The headline figure is that since the launch of Season Five, Group-IB has carried out successful takedowns against 180,000 links to illicit copies of the show on websites, forums, and social media.
As the infographic below shows, enforcement was something of a crescendo, growing rapidly as the seasons progressed (bars represent takedowns during the seasons’ airings).
During Season 8, Group-IB’s team took down more than 43,700 links to pirated versions of the show in Russian.
While that’s a large number of takedowns in itself, those were spread far and wide, spanning 1,098 different websites. More than 90 of those sites were designed specifically to spread pirated copies of the show.
Like all takedown campaigns, Group-IB also placed an emphasis on removing links to pirated copies of the show from search engines. Yandex is Russia’s most popular portal so it’s no surprise it chose to focus there.
The company reports that more than 30,000 links were removed from the search engine. Group-IB informs TF that they were all links to streaming websites but also of interest was the pirates’ response to those takedowns.
According to the anti-piracy company, the operators of the sites were unprepared for their links to be removed from Yandex, so began taking counter-measures by duplicating their platforms to ensure a new search engine listing.
“In response to the blocking, online pirates struck back by creating mirrors on a daily basis – copies of their websites with new but very similar domain names. For instance, one of the pirates created more than 20 mirrors on their subdomains,” Group-IB reports.
“However, according to the pirates’ forum posts, the owners of pirate websites were not ready for the ‘attack’ on them: ‘Looks like somebody just wiped the links out. Some of the pages disappeared… some of them do not appear in search results’,” Group-IB reports, citing the operators’ comments.
The anti-piracy campaign also targeted social media and by default VK.com, Russia’s largest social networking site. Interestingly, after filing numerous complaints with VK, some of the groups on the platform reportedly decided to go straight, converting from places to host pirated videos to become Game of Thrones fan pages.
“Group-IB Anti-Piracy team filed many takedowns through VK moderators who forced the groups’ owners to remove infringing content,” the company informs TF.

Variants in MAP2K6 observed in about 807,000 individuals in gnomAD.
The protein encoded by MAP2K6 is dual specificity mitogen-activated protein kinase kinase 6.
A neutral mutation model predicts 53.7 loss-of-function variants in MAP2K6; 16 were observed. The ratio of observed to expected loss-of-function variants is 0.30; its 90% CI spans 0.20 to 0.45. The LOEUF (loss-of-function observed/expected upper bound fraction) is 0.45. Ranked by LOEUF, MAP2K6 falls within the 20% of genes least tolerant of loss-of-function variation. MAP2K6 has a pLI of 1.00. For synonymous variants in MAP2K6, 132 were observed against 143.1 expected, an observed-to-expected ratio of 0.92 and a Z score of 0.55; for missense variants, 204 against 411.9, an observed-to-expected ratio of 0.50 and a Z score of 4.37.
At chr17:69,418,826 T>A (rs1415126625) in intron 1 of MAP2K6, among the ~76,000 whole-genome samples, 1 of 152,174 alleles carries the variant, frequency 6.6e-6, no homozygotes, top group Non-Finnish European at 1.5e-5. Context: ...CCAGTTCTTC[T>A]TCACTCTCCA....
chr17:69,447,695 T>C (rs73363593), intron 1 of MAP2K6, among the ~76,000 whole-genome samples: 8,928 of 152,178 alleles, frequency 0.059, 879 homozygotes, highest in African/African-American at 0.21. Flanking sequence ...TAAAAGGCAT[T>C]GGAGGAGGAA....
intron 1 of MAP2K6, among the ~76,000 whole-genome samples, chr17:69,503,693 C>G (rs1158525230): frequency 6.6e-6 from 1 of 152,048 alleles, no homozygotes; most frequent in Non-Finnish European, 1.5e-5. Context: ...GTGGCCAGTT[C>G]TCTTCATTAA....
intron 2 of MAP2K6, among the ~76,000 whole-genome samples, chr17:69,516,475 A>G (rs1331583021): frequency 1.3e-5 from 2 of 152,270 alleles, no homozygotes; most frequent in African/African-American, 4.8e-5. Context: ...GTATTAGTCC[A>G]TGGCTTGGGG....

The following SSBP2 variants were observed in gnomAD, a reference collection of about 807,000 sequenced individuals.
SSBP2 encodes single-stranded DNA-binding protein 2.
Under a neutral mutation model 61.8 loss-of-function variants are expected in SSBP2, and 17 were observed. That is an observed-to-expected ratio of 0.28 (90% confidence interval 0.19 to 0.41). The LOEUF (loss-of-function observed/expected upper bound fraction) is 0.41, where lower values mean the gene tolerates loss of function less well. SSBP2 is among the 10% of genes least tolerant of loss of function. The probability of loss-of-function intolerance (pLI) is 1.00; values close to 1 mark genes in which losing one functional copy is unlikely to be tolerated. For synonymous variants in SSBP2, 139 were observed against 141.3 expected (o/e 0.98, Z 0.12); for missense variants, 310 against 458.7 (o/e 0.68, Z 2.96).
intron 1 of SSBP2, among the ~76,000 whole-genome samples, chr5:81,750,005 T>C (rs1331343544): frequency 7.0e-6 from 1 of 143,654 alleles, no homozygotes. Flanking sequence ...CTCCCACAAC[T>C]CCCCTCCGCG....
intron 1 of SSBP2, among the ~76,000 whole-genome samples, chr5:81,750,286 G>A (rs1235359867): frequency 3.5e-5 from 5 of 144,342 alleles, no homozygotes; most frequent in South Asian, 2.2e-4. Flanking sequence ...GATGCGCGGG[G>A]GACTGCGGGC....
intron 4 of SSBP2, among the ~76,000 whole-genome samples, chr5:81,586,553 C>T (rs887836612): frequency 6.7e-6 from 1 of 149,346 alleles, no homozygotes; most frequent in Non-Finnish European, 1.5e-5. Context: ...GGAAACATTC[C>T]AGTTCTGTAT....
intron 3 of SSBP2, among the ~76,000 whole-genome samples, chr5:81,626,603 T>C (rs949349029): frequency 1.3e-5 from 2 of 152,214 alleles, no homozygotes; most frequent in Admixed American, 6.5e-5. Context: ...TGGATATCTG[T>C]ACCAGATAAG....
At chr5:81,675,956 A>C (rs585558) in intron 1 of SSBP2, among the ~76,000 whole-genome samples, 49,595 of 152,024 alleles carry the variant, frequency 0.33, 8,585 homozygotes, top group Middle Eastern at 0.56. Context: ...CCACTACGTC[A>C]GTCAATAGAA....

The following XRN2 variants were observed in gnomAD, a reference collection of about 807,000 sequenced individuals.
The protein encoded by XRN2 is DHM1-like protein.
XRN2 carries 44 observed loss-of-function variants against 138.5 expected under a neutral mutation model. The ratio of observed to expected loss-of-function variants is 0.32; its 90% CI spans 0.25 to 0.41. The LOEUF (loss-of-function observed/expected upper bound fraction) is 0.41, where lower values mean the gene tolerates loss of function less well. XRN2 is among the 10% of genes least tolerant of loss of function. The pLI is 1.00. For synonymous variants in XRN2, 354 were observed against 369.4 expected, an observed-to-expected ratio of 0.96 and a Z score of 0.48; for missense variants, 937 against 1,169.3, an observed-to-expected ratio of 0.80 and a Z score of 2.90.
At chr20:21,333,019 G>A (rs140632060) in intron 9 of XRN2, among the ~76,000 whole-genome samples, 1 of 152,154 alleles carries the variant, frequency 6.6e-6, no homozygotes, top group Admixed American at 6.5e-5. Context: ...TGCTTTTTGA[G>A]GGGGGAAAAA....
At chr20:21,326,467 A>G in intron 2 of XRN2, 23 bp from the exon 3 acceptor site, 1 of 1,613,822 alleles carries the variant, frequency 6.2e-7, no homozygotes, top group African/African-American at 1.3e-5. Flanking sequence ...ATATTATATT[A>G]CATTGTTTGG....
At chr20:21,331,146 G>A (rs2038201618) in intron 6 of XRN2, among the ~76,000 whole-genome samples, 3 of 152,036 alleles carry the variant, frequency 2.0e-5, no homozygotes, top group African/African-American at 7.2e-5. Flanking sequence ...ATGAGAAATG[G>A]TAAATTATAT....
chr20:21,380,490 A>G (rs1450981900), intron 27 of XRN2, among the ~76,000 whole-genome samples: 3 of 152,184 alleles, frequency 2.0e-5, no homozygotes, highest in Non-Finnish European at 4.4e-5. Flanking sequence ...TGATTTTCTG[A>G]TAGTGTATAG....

“The groups which kept publishing pirated content despite the warnings from VK were banned. Others, which removed the infringing content, turned into fan pages so as not to lose traffic that can be converted to advertising revenues.”
Finally, some thoughts from Andrey Busargin, Director of Anti-Piracy and Brand Protection at Group-IB.
“For us the battle against online pirates, trying to profit off the illegal distribution of the Game of Thrones in Russian, was as fierce as for George R.R. Martin’s characters,” Busargin says.
“I would also like to highlight Amediateka’s commitment to counter online piracy in Russia: they brought in Group-IB Anti-Piracy team ahead of time and have been making continuous efforts to popularize legal viewership of the Game of Thrones making it available on its website, in movie theaters all over the country and even on the stadium.”
While there will always be historic GoT links to clean up, Group-IB also protects other titles, including True Detective, Billions, The Good Wife, and Westworld. Game of Thrones may be over, but the takedown work will persist for years to come.
Traditionally, the Game of Thrones season finale is among the most viewed episodes, also on pirate sites.
When the entire series comes to an end, interest is only heightened.
This is what happened indeed. While many people have been rather critical about the story-line of the final season, millions of people ‘tuned’ in, both through authorized and unofficial channels.
The official ratings shot through the roof, with 13.6 million US viewers during the official airing, which is also a new all-time record for an HBO show. On pirate sites, there was plenty of interest as well.
Millions of people pirated a copy. At the height, yesterday afternoon, more than 200,000 people were actively sharing the three most popular torrents, with the most popular one being good for 130,000 sharers alone.
While this is a massive number, it’s nowhere near the all-time record. That dates back to 2015, when over a quarter million people were simultaneously sharing a single file. This drop is in part because the piracy ecosystem has evolved.
Torrent sites used to be the main distribution platforms for pirated TV shows, but unauthorized streaming sites are much more popular today. These sites don’t make any viewing numbers public but are good for millions of ‘pirate’ views as well.
With this in mind, it is likely that the record of the largest BitTorrent swarm in history will never be broken.
The end of Game of Thrones wraps up one of the biggest continuing stories in file-sharing history. The HBO show was as crowned the “most pirated” TV-series for several years, and is likely to scoop up this title again in 2019, to secure its place in history.
Aside from the impressive numbers, Game of Thrones was also at the center of other piracy-related news and discussions, much of which we have discussed in detail here.
One key theme that reappeared year after year were the numerous leaks. The most prominent one dates back to 2015 when the first four episodes leaked from a promotional screener.
In 2017 a Game of Thrones episode leaked with a “Star India” watermark. This eventually led to the arrests of four people. Keeping up with this trend, several episodes came out early this year as well, and even before the final, the plot was already out.